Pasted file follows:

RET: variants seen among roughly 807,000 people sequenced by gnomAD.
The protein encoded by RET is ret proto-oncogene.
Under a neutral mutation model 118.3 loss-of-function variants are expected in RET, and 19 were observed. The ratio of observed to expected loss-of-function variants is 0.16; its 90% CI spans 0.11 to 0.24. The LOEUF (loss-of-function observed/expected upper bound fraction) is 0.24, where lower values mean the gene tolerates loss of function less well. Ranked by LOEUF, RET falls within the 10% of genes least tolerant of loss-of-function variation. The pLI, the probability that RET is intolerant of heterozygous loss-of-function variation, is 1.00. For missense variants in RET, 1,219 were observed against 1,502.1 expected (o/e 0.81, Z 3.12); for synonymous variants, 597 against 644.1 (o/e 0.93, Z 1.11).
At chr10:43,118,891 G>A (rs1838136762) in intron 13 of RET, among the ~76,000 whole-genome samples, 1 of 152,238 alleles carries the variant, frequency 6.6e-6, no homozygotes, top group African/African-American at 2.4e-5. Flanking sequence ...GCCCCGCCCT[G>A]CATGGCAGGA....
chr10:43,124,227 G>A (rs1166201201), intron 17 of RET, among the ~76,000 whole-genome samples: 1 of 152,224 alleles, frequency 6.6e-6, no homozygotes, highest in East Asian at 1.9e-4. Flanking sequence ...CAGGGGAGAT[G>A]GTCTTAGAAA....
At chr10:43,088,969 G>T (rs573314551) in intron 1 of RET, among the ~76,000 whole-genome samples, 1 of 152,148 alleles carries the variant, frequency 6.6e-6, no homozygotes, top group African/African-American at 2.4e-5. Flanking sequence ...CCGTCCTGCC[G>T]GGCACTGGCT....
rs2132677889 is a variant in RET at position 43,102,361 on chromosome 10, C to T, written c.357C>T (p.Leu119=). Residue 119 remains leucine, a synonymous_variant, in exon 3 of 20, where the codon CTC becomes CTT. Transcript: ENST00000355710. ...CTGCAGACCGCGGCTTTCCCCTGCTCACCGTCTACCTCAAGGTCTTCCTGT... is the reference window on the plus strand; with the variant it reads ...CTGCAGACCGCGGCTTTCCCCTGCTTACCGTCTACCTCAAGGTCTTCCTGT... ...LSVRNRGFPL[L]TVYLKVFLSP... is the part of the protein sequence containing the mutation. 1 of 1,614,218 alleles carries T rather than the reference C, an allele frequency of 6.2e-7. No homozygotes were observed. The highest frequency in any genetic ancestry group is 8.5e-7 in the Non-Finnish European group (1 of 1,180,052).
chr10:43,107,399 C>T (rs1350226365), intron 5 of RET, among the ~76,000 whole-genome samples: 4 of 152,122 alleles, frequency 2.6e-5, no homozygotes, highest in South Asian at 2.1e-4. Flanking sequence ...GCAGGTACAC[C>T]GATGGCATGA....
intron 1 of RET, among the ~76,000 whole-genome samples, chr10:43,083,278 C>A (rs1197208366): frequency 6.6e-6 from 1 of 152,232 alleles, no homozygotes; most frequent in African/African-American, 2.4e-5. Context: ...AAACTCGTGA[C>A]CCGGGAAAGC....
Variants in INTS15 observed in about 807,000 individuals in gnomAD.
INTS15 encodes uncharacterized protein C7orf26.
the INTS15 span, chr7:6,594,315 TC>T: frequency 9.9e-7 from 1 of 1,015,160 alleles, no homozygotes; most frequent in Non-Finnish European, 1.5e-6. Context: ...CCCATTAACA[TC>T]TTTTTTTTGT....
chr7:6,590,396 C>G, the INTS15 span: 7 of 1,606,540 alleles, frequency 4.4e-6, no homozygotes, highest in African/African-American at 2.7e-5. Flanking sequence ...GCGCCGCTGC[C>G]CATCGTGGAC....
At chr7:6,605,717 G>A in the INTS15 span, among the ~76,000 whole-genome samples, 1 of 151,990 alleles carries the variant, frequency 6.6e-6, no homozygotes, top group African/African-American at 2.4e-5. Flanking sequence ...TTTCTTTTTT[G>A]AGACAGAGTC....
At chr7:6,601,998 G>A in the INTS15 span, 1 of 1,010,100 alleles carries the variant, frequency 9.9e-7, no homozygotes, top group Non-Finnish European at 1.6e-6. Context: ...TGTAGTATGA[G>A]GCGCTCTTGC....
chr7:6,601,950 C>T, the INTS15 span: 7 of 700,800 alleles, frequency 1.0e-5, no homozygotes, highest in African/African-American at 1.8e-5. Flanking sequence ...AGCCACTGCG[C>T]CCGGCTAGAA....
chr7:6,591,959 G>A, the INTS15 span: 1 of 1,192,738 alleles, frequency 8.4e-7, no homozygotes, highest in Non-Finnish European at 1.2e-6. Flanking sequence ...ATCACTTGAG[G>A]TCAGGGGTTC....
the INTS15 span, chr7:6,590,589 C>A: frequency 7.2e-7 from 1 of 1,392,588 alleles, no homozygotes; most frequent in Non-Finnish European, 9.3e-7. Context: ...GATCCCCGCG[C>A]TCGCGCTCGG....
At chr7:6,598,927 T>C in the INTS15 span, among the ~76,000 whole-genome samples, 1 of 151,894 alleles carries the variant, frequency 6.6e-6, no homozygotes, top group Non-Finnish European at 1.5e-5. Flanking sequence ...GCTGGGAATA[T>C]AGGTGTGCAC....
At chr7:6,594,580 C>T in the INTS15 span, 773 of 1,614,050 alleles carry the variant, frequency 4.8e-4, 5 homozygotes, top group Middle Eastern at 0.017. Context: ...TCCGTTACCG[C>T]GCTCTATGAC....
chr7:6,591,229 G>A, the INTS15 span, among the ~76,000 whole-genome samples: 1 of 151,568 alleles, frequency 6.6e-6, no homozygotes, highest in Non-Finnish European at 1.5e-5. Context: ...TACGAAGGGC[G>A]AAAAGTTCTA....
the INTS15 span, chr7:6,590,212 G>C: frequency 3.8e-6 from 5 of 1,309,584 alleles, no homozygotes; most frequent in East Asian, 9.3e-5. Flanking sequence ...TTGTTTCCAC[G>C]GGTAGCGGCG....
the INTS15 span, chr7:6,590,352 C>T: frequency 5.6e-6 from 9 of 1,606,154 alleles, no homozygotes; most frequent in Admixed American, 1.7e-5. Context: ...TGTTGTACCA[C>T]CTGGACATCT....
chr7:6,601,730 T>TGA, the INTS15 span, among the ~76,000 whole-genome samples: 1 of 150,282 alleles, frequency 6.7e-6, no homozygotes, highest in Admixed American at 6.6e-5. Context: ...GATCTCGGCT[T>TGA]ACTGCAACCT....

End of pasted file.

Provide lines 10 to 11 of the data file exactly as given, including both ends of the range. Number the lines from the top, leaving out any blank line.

Variants in INTS15 observed in about 807,000 individuals in gnomAD.
INTS15 encodes uncharacterized protein C7orf26.